Mom101, I agree that there is such a diversity in blogging that it is hard to write absolutes. That said, I've seen something in some blogs/comments that I've seen in fandom when it comes to fanfiction and fanart: "I put a lot of work into this so I should get paid." There are a lot of instances were hard work doesn't mean getting paid, and people should know that going in. A person who wants their work to be something they can get paid for should really look into the various areas and fields and do their homework to see if that expectation is realistic.

I find the MomBlog information fascinating, and agree with MR that I see similar things happening in the bookblogosphere, with the exception that for the most part review copies arent' an issue because they are such a standard part of traditional book reviewing. That said, with people reading blogs and not knowing about the supply of review copies, I think transparency and disclosure is important.

Most book bloggers start because they love books and talking about books. Things start getting more gray as blogs go beyond what they started as, and suddenly, it's not a handful of friends you're talking with but a few thousand. Amy did an experiment with a book to see the impact of a blog on book purchases in a positive way; if the argument is book bloggers can have a positive influence, then the argument also exists that the opposite is true. Look at Liar and the posts that had begun about boycotting the bloomsbury edition. I have a hard time with arguments that on one hand say "I don't have to do x because I'm just talking about books I love" and at the same time hearing "but we influence people more than traditional media". I'm not saying blogs don't influence; it's that with that role, responsibility includes considering things like ethics, standards, etc.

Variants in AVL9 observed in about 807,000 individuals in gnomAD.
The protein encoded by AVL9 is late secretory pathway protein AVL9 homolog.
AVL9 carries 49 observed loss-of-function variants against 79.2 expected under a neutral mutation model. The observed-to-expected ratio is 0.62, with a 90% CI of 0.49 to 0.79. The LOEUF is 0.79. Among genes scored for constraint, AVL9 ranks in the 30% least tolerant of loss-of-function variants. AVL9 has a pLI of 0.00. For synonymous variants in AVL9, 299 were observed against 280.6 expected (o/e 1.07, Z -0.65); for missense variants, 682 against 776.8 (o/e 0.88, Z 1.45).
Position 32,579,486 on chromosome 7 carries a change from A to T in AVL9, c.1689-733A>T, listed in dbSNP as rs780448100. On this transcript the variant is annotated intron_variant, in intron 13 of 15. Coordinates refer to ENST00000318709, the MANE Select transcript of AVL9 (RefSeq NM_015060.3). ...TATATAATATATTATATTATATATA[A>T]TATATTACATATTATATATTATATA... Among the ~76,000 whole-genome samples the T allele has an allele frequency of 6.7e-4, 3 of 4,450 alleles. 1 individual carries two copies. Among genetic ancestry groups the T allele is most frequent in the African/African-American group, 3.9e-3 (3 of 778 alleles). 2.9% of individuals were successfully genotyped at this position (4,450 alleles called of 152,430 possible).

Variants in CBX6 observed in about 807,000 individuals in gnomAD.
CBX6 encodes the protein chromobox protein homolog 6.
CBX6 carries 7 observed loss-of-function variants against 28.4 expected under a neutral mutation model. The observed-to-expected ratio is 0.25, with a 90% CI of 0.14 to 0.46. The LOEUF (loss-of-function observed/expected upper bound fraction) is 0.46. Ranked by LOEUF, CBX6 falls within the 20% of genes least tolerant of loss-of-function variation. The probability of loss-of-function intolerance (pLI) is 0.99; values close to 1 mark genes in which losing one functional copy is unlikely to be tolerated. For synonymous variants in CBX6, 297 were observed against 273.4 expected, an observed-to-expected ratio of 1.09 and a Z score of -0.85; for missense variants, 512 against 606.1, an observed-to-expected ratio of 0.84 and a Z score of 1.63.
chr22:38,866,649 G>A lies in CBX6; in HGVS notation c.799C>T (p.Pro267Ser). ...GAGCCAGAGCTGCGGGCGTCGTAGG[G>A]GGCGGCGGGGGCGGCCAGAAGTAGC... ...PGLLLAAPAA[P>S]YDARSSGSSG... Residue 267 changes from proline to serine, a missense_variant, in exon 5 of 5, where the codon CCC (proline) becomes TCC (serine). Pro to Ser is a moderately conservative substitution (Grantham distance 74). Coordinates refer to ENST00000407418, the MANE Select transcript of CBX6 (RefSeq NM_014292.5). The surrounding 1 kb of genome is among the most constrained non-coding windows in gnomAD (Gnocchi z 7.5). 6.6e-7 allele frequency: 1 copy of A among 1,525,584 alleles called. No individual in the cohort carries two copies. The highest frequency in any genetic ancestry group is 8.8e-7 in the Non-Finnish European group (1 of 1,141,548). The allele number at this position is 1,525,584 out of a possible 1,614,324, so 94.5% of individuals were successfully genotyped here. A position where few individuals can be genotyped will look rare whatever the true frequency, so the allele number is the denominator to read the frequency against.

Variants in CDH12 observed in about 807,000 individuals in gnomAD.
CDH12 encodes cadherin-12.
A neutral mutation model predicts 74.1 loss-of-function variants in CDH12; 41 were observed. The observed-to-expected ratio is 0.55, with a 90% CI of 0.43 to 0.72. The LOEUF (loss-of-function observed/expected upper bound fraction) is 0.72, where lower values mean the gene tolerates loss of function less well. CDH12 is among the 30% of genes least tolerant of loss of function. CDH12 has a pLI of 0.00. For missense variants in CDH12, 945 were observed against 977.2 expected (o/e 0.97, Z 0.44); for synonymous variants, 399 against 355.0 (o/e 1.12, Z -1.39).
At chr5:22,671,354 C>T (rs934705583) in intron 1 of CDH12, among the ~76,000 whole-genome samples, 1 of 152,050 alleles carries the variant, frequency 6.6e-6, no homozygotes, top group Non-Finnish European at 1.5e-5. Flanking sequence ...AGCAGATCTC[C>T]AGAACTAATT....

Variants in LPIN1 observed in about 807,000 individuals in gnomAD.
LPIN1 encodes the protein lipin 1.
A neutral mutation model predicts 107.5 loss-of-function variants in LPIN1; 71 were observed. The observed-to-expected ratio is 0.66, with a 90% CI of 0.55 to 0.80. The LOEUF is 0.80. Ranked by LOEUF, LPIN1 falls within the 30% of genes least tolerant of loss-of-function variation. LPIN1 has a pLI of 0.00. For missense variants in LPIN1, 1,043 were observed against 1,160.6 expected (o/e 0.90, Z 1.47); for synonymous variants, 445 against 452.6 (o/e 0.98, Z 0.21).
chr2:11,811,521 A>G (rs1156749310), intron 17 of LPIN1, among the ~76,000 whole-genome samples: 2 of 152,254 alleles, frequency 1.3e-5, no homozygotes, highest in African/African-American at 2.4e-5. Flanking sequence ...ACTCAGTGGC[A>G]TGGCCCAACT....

I also believe that discussion of these things can be as important as any decision, and we have to remember the blogosphere is huge. as Pam points out, the kidlit world has the "do i disclose" discussion years ago; but we shouldn't say "we discussed this already" because the world is bigger than "we." Some people did, but not everyone, and discussion should not be shut down by saying "we did this already."

Marie Cloutier said...

I've bookmarked this so I can come back later & either reply in more depth or write another post on the subject. Great post.

Colleen said...